As the economic horizon darkens, investors are going to need to pay close attention to the asset classes – and individual holdings – they populate their portfolios with; careful bond selection is just one element of this.
Beware inflation-linked bonds.
The world adjusts to cheap oil prices.
Europe pulls QE trigger.
Currency wars rage, creating ripple effects.
In this monthly investment views a selection of leading UK wealth managers share their opinions for February 2015.
Alex Scott, Deputy Chief Investment Officer at 7IM, says:
Inflation-linked gilts may have been a good bet in years gone by, but those still holding them today might be well-advised to dump them – unless, that is, they see apocalyptic inflation on the horizon.
An inflation-linked gilt is a gilt in which payment of income on the principal is related to a specific price index – often the CPI. Investors have typically used inflation-linked gilts (linkers) to protect themselves and their portfolios from unexpected inflation: linkers pay a regular coupon that rises in line with the Retail Price Index, and the final return of capital at the end of the bond’s life is also indexed to inflation. A highly appealing investment, one might think: and with linkers priced to offer yields of 2-2.5% above inflation in the period before the financial crisis, we would have agreed.
A negative real yield changes the picture. Think about this: who would want to buy an investment that, if held to maturity, guarantees a return of inflation minus nearly 1% a year – over 10, 20, 50 years? That makes it guaranteed to destroy wealth if held to maturity. In what circumstances could that be a good long-term investment? Answer: only if other investments were even worse. One circumstance in which this could happen is if there is rampant inflation – inflation so destructive to asset values that you would be happy to walk away with just a relatively small loss.
But isn’t the world’s problem deflation, rather than inflation? It’s interesting to consider what would happen to linkers if deflation were to prevail. Investors would receive progressively less and less income from their linkers and, in many cases, would also end up losing a good deal of their capital value. This is surely one of the strangest anomalies of the bull market in many fixed income asset classes – inflation-linked bonds that are extremely unlikely to protect investors against inflation and that will destroy wealth, if held to maturity, in both inflationary and deflationary scenarios.
Deputy Chief Investment Officer at 7IM
Daniel Ellis, Head of Investments, British Isles at RBC Wealth Management, says:
Motorists may be rejoicing over falling prices at the petrol pumps, but there may be wide-reaching effects on investment portfolios as the world adjusts to cheap oil prices.
As 2015 begins, crude oil, and its subsequent price tumble, is at the centre of the challenges facing global financial markets. Cheap oil looks to be with us throughout the year and perhaps beyond. While investors may need to adjust their expectations, it isn’t necessarily all doom and gloom.
Once a market has collapsed it usually takes time – at least several months, perhaps much longer – for it to stablise and form a base. Patience is warranted throughout this process. The days of $100 oil are behind us for now, and that price might not be regained for some time. The energy industry will need time to adapt, perhaps through selling assets, cutting capital spending and decreased production. And while energy securities may need more time to adjust to the new, lower price regime, there should be some opportunities ultimately created.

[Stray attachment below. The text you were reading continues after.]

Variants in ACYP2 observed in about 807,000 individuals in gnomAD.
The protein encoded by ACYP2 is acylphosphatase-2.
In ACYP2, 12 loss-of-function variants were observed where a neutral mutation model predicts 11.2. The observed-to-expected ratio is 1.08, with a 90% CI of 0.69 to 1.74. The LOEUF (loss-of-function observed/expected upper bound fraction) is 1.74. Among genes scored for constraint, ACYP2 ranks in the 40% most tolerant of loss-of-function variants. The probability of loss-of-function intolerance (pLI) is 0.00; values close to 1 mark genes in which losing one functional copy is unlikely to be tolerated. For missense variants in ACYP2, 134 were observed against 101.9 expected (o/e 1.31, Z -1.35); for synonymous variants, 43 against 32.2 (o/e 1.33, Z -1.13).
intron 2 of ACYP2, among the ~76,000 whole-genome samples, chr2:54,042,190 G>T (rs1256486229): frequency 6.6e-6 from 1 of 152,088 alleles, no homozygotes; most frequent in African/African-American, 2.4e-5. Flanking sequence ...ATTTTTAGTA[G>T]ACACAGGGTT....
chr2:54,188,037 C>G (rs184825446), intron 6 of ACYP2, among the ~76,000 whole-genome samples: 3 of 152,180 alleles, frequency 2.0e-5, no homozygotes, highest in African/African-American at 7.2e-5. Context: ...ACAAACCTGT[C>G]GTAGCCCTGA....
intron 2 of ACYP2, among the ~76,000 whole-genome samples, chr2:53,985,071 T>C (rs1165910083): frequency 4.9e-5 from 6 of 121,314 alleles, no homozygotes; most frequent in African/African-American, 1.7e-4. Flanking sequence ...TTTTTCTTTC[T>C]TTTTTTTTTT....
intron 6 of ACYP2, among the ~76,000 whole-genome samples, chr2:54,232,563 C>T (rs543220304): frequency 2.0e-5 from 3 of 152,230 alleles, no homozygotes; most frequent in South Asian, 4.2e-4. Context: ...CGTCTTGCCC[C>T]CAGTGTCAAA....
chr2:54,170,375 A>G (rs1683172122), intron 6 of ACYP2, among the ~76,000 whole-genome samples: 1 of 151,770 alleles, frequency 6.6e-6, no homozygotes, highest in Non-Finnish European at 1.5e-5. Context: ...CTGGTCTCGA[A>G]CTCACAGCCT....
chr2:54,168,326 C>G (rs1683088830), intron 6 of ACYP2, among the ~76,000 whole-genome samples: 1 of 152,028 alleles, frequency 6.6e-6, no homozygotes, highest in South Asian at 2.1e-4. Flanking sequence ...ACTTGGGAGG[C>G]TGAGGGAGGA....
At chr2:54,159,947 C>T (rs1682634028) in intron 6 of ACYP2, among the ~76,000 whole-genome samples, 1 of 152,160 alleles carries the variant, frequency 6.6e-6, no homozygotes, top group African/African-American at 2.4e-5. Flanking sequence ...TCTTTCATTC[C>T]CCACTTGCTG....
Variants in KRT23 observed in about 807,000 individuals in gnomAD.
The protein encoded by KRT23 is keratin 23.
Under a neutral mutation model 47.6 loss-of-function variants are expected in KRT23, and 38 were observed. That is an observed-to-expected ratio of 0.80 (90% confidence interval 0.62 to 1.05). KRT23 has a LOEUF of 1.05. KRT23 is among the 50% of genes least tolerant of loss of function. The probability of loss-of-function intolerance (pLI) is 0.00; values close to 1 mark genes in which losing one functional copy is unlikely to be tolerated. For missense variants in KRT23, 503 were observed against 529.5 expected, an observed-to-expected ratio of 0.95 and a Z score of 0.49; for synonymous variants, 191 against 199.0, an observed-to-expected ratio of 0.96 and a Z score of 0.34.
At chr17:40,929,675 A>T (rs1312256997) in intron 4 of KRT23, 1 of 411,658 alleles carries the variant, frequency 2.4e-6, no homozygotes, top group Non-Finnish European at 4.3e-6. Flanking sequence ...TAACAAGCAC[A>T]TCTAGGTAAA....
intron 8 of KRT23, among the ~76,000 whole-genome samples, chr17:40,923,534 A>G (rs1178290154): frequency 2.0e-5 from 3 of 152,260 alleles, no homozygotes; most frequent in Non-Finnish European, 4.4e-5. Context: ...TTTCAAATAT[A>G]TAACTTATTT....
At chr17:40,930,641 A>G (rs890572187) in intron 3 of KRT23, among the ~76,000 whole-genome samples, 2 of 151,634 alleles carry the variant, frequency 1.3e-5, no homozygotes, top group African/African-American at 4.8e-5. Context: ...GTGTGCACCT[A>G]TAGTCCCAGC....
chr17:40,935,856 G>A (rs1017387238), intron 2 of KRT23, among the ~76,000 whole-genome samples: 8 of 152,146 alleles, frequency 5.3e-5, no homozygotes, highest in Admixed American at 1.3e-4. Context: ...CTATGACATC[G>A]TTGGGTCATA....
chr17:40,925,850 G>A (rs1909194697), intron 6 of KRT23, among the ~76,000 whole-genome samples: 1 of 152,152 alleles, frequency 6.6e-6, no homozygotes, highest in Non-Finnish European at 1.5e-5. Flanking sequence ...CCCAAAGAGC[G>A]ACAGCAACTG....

Though the collapse of oil price has been alarming at some points, the consequences for the global economy will be mostly positive. Globally, energy is one of the biggest costs for both consumers and businesses. Any decline in oil prices will tend to increase available income for discretionary spending, debt reduction, and capital investment, thereby padding consumers’ pockets.
British Isles at RBC Wealth Management
Chris Kenny, Investment Management Partner at Smith & Williamson, says:
ECB President Mario Draghi has finally pulled the trigger on quantitative easing, but while European stimulus measures will create beneficiaries, investors may also need to prepare for fissures opening up between EU member states.
After almost two years of waiting, Mario Draghi at last found the impetus and support to allow the European Central Bank to intervene directly in markets to try and stimulate the European economy.
This action was much anticipated, leaked by various parties (merci, M.Hollande) and led to significant responses before the policy was even announced. The Swiss central bank announced an interest rate of -0.75% and abandoned its euro peg (fixing the value of the Swiss franc to the euro), causing consternation amongst exporters and the Swiss tourism industry alike as the currency appreciated considerably. Other economies with close links to Europe, such as Turkey, also moved to protect the value of their currency. Will this bigger than expected ECB action cure the ills of Europe, or merely delay the inevitable?
Market responses have been significant, but we are concerned that this attempt to paper over the cracks in the European project will instead highlight the fractures between member states. In the short term, the winner looks to be the European consumer and exporter who are being encouraged by government stimulus, low inflation, low oil price and the fall in the euro to spend and invest now. So, as investors we will look to the beneficiaries of increased consumer spending, but keep a wary eye on when it might be ‘game over’ for Super Mario.